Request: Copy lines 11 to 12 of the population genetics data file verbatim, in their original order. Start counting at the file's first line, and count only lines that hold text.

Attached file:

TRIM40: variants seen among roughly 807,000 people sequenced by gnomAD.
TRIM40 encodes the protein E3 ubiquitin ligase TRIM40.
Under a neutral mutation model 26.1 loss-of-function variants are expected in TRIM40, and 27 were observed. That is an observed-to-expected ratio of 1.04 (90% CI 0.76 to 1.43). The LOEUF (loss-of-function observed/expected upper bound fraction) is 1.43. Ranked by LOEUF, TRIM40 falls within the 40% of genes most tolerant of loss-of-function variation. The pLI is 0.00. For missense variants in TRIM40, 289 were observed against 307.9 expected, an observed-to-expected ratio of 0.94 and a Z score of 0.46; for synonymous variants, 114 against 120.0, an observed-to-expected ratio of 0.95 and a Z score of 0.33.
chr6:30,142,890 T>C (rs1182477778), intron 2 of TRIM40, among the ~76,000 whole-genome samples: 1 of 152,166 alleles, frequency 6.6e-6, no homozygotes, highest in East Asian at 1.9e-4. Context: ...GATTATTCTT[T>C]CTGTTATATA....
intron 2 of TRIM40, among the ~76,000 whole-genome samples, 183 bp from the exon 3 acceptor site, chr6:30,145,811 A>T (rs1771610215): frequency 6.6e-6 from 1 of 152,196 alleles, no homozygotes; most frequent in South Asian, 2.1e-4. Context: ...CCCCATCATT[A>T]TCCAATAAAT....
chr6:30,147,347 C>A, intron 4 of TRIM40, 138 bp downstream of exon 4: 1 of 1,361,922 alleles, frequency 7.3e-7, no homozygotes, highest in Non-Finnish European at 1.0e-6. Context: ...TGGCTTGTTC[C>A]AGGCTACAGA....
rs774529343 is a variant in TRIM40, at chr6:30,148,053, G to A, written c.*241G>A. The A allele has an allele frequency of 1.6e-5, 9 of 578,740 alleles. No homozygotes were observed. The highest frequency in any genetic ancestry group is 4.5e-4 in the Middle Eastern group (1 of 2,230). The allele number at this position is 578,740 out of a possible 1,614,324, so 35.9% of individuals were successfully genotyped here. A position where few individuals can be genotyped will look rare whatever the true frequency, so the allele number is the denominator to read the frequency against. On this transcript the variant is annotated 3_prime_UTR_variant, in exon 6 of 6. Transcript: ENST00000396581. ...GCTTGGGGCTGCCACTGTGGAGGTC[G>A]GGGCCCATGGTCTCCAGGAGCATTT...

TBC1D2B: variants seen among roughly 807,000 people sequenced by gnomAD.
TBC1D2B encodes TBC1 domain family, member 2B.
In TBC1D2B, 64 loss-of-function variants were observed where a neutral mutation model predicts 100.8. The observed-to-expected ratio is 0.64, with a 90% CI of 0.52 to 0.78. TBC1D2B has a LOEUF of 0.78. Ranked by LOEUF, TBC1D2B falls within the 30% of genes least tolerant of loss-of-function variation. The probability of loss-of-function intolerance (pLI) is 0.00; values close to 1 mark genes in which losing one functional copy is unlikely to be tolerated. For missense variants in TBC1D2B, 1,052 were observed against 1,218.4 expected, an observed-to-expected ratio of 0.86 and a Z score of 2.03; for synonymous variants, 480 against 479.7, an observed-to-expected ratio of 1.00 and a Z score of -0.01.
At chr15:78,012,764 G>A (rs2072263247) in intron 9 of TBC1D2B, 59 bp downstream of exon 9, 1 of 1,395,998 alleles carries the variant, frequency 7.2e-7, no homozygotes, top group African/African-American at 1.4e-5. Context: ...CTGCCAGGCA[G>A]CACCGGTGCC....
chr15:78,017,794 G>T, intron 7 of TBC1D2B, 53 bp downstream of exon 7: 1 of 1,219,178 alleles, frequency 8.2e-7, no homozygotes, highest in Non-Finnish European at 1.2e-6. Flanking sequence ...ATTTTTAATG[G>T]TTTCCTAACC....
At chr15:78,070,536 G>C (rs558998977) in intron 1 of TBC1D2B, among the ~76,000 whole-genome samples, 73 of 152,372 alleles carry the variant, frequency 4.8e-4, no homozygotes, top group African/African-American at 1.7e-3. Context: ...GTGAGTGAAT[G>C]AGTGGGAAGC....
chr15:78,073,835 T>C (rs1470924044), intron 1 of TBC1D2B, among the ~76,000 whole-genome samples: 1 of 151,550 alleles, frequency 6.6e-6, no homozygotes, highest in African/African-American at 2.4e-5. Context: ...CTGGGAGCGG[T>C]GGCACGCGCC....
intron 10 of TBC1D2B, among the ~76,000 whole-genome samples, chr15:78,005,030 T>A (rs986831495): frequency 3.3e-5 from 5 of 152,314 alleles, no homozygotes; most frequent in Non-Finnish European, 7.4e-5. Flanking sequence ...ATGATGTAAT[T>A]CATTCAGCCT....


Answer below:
At chr15:78,012,764 G>A (rs2072263247) in intron 9 of TBC1D2B, 59 bp downstream of exon 9, 1 of 1,395,998 alleles carries the variant, frequency 7.2e-7, no homozygotes, top group African/African-American at 1.4e-5. Context: ...CTGCCAGGCA[G>A]CACCGGTGCC....
chr15:78,017,794 G>T, intron 7 of TBC1D2B, 53 bp downstream of exon 7: 1 of 1,219,178 alleles, frequency 8.2e-7, no homozygotes, highest in Non-Finnish European at 1.2e-6. Flanking sequence ...ATTTTTAATG[G>T]TTTCCTAACC....